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13 March 2018 Photo Edwin Mthimkhulu
Solomon Mahlangu inspires UFS alumnus first Sesotho book
Ace Moloi questions and delves into the concept of freedomin Tholwana Tsa Tokoloho

Tholwana Tsa Tokoloho is the title of Ace Moloi’s anthology of short stories and the name of one of the 14 stories in the book. The anthology is the first book in Sesotho published by the three-time author.

On Friday, 16 March 2018, Tholwana Tsa Tokoloho, an Art Fusion Literature product, will make its debut public appearance during a public reading at the University of the Free State’s Equitas Auditorium at 17:30.

Moloi’s first literary offering was In Her Fall Rose A Nation which was published in 2013 during his final-year as a Communication Science student at the university. In 2016, Moloi published Holding My Breath, which was praised widely for stirring emotions in readers who related to the heart-wrenching narrative of losing a mother. It was only this year that the author managed to achieve his teenage goal of establishing himself as a vernacular author.

Solomon Mahlangu, an African National Congress freedom fighter and Umkhonto we Sizwe militant who was convicted of murder and hanged in 1979, was the inspiration behind the anthology. Mahlangu inspired the Tholwana Tsa Tokoloho story, which is the story of the selflessness of a captured guerrilla hero in the face of police torture and his eventual death by hanging. It represents Mahlangu and those who suffered during the struggle for liberation. 

“My blood will nourish the tree that will bear the fruits of freedom,” are the supposed last words uttered by Mahlangu that inspired the book’s title. Tholwana Tsa Tokoloho means “the fruits of freedom” in Sesotho. For Moloi, writing in the vernacular symbolises the fruits of freedom. “I’m trying to write in a revolutionary spirit, in Sesotho, because we haven’t done that. We have not seriously interrogated political concepts in Sesotho or in any native language,” he said.

Graduate unemployment, violent crime, and sports are some of the other topics tackled in the book. These act as a catalyst for debates over the evidence of ‘the fruits of freedom’ in post-1994 South Africa. 

News Archive

Prof Antjie Krog speaks on verbalising revulsion and the collusion of men
2015-06-26

From the left are Prof Lucius Botes, UFS: Dean of the Faculty of the Humanities; Prof Helene Strauss, UFS: Department of English; Prof Pumla Gobodo-Madikizela, UFS: Trauma, Forgiveness and Reconciliation Studies; Prof Antjie Krog, UCT: Department Afrikaans and Dutch; Dr Buhle Zuma, UCT: Department of Psychology. Both Prof Strauss and Dr Zuma are partners in the Mellon Foundation research project.

“This is one of the bitterest moments I have ever endured. I would rather see my daughter carried away as a corpse than see her raped like this.”

This is one of 32 testimonies that were locked away quietly in 1902. These documents, part of the NC Havenga collection, contain the testimonies of Afrikaner women describing their experiences of sexual assault and rape at the hands of British soldiers during the South African War.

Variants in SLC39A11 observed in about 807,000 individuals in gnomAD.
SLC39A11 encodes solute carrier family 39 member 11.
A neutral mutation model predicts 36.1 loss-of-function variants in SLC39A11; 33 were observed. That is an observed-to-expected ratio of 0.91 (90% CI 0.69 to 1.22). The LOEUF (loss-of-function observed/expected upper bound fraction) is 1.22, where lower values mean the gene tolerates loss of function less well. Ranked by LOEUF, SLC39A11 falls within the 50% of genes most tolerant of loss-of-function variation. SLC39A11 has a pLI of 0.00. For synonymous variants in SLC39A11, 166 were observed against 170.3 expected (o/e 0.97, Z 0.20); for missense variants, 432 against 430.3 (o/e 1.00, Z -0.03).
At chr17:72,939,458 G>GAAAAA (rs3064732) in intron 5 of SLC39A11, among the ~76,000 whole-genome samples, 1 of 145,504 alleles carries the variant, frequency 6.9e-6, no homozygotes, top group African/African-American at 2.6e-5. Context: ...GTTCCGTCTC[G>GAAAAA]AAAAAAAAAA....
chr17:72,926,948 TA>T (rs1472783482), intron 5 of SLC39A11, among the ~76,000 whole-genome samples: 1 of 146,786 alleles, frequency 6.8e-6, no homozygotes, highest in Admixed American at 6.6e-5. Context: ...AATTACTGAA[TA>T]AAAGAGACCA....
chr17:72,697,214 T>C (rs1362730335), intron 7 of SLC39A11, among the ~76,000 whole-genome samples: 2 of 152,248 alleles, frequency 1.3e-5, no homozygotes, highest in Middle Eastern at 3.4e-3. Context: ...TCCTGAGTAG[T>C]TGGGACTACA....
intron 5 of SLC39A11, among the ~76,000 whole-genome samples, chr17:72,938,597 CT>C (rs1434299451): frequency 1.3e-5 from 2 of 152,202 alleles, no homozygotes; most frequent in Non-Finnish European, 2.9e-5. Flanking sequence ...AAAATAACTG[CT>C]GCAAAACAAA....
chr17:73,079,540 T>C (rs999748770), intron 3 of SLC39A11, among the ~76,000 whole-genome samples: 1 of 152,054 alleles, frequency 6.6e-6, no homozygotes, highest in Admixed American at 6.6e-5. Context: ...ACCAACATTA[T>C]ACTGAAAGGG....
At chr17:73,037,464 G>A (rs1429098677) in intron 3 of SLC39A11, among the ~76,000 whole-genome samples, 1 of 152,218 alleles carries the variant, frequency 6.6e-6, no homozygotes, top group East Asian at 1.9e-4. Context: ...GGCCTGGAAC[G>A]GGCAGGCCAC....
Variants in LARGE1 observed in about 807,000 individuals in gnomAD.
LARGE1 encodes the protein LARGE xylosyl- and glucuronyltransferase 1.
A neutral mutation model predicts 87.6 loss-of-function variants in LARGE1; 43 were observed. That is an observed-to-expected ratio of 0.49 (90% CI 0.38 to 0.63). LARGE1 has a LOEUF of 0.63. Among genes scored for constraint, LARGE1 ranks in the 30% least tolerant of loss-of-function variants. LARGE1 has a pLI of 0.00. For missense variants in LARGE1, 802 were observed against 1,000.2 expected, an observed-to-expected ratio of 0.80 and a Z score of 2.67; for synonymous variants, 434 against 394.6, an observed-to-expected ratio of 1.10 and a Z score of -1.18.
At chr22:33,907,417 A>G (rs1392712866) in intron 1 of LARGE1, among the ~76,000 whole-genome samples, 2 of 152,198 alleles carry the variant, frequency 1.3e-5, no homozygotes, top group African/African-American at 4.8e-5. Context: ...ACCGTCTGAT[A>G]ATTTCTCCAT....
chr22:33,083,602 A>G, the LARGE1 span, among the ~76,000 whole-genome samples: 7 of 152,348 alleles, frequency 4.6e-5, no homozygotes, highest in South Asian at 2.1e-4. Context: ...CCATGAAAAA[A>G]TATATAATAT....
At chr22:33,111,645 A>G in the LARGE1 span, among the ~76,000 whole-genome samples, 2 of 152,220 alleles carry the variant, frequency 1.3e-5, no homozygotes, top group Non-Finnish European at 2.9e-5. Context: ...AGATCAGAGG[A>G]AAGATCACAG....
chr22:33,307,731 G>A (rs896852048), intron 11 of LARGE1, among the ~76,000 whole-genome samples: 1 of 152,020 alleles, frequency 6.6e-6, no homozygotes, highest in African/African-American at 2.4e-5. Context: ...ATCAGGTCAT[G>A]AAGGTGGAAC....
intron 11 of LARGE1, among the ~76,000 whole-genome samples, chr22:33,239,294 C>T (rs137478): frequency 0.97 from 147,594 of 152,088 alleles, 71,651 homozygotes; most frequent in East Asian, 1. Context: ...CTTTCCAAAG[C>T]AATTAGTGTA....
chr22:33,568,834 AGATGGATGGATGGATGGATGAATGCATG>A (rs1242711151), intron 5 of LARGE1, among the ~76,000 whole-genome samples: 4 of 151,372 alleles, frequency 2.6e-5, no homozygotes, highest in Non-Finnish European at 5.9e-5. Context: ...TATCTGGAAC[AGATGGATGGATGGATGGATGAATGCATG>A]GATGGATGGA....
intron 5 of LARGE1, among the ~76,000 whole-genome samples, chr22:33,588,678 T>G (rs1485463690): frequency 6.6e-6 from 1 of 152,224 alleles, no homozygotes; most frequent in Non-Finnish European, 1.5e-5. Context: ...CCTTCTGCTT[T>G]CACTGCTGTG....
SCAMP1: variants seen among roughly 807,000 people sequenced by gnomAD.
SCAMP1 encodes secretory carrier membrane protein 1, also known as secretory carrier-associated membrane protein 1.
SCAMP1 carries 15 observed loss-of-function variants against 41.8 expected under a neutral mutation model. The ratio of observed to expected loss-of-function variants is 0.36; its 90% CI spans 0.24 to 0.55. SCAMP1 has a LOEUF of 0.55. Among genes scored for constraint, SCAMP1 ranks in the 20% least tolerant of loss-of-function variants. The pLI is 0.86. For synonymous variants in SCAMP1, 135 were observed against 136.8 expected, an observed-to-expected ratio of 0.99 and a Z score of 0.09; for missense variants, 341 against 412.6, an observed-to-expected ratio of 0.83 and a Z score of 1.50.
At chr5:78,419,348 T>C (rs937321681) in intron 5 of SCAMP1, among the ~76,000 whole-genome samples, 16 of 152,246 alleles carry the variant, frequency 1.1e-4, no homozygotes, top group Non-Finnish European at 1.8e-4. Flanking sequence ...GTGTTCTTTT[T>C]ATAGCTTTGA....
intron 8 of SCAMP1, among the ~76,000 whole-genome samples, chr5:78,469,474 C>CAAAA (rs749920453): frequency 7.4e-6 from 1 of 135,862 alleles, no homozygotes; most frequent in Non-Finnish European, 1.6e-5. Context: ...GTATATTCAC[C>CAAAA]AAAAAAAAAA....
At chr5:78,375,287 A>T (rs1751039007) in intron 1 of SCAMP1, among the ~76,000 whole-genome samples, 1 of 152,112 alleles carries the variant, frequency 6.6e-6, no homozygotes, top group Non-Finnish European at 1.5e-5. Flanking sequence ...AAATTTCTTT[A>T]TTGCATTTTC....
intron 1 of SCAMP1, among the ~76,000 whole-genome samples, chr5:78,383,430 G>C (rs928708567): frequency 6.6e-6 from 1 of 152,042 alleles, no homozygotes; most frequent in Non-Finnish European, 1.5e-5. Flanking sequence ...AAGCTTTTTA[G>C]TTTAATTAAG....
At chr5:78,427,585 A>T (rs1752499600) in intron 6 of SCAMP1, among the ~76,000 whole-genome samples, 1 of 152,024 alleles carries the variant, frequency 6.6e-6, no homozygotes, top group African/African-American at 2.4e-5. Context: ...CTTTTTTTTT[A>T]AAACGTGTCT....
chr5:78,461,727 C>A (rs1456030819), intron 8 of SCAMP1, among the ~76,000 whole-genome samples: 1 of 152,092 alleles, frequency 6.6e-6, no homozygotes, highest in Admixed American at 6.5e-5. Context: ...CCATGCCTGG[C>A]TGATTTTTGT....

This cluster of affidavits formed the foundation of a public lecture that Prof Antjie Krog delivered at the University of the Free State’s (UFS) Bloemfontein Campus on Tuesday 23 June 2015. The lecture, entitled ‘They Couldn’t Achieve their Goal with Me: Narrating Rape during the South African War’, was the third instalment in the Vice-Chancellor’s Lecture Series on Trauma, Memory, and Representations of the Past. The series is hosted by Prof Pumla Gobodo-Madikizela, Senior Research Professor in Trauma, Forgiveness, and Reconciliation Studies at the UFS, as part of a five-year research project funded by the Andrew W. Mellon Foundation.

Verbalising revulsion

The testimonies were taken down during the last two months of the war, and “some of the women still had marks and bruises on their bodies as evidence,” Prof Krog said. The victims’ words, on the other hand, struggled to express the story their bodies told.

What are the nouns for that which one sees? What words are permissible in front of men? How does one process revulsion verbally? These are the barriers the victims – raised with Victorian reserve – faced while trying to express their trauma, Prof Krog explained.

The collusion of men

When the war ended, there was a massive drive to reconcile the Boers and the British. “Within this process of letting bygones be bygones,” Prof Krog said, “affidavits of severe violations by white men had no place. Through the collusion of men, prioritising reconciliation between two white male hierarchies, these affidavits were shelved, and, finally, had to suffer an embargo.”

“It is only when South Africa accepted a constitution based on equality and safety from violence,” Prof Krog said, “that the various levels of deeply-rooted brutality, violence, and devastation of men against the vulnerable in society seemed to burst like an evil boil into the open, leaving South African aghast in its toxic suppurations. As if, for many decades, we did not know it was there and multiplied.”

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